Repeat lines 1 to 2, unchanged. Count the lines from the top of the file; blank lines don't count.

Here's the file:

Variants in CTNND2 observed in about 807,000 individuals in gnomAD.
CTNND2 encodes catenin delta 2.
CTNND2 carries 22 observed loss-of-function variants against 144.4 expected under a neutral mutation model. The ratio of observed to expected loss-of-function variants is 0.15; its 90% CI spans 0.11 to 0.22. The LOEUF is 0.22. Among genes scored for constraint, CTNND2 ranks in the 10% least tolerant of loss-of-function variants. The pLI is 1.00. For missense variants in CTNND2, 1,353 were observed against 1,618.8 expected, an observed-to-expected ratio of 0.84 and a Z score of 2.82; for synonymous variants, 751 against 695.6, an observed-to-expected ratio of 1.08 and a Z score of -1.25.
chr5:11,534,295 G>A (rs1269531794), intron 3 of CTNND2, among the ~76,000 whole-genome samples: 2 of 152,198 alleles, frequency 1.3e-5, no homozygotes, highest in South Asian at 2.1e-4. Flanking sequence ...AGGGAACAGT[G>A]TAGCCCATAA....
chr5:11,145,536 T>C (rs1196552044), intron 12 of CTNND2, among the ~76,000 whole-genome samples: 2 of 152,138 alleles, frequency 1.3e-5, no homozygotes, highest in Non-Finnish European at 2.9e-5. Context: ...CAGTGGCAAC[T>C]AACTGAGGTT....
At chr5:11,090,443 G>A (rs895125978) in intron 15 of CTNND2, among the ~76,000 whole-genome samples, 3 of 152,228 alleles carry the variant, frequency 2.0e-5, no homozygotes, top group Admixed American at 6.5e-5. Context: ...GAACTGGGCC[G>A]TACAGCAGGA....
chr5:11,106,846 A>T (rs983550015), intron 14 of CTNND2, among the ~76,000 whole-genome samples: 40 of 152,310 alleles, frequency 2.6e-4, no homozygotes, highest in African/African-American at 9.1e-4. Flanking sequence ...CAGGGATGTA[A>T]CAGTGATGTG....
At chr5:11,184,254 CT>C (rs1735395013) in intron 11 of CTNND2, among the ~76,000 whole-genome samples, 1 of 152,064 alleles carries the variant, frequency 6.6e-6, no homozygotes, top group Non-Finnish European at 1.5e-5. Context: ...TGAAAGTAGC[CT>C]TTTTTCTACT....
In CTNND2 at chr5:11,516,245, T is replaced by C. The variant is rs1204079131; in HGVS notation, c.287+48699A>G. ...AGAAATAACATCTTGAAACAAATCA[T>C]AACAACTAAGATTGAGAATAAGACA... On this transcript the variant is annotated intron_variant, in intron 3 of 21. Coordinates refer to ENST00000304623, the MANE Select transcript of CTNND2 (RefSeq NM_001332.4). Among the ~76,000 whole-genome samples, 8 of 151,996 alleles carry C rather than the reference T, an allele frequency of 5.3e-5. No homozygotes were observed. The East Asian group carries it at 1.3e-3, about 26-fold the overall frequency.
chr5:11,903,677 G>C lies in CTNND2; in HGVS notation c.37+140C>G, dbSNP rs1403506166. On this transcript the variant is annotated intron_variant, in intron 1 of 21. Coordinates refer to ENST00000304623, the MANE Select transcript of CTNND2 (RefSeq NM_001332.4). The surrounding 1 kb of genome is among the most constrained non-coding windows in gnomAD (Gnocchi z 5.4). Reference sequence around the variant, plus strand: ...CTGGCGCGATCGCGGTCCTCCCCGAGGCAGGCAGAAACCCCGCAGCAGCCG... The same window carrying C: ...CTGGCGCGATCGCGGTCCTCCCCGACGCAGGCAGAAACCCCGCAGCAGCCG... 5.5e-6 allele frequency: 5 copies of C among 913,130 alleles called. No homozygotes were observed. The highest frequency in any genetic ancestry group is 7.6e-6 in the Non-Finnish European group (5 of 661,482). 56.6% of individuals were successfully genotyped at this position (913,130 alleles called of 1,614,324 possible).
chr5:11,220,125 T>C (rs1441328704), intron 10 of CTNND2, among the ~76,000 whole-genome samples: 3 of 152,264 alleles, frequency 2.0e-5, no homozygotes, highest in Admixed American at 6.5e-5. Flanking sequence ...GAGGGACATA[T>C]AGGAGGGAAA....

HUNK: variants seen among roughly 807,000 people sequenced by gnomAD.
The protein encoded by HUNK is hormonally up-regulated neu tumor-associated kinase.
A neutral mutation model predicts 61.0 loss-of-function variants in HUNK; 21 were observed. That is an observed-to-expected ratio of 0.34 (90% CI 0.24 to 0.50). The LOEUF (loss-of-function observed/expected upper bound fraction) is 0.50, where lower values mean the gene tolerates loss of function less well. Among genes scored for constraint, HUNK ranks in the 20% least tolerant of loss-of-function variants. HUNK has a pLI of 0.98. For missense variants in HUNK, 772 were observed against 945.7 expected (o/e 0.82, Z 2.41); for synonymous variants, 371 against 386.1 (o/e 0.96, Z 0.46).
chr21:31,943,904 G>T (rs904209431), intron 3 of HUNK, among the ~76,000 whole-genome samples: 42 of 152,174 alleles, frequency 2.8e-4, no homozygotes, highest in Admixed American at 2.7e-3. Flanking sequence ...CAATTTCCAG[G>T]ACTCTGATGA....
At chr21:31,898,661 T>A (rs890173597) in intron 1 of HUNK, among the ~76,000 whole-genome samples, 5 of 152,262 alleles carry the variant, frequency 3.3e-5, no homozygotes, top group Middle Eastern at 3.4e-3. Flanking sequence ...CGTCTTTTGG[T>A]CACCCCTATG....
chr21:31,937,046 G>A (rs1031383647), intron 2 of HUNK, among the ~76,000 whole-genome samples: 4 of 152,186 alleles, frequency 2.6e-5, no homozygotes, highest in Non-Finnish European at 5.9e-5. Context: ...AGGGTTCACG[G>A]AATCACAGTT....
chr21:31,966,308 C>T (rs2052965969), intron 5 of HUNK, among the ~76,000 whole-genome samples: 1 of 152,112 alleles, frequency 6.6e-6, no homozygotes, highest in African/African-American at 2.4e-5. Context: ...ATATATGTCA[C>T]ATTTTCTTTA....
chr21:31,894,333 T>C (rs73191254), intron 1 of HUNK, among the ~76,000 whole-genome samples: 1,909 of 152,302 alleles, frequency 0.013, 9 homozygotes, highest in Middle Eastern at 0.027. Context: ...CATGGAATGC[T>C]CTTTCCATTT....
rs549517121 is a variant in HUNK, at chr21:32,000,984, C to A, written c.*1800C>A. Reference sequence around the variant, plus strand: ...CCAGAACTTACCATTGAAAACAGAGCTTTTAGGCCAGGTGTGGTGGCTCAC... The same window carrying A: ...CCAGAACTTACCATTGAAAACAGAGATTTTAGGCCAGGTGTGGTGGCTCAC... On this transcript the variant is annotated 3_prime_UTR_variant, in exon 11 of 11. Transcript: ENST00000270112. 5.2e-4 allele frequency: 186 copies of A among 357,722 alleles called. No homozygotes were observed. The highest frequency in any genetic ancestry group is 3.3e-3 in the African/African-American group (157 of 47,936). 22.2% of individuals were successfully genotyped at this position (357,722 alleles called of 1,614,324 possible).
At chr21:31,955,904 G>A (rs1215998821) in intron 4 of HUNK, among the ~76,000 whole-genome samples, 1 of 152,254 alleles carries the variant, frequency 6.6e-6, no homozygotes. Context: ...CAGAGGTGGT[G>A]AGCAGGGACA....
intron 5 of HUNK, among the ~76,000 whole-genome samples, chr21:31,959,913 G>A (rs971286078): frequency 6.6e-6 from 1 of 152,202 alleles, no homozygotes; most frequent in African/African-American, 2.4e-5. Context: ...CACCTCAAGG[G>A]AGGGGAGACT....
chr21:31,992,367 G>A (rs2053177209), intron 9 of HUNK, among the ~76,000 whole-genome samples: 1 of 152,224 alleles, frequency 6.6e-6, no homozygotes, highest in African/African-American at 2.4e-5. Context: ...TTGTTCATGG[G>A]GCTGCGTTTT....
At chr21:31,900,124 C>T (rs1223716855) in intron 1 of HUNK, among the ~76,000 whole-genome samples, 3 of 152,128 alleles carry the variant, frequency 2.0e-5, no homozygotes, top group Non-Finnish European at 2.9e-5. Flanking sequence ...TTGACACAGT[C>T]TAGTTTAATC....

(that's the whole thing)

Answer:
Variants in CTNND2 observed in about 807,000 individuals in gnomAD.
CTNND2 encodes catenin delta 2.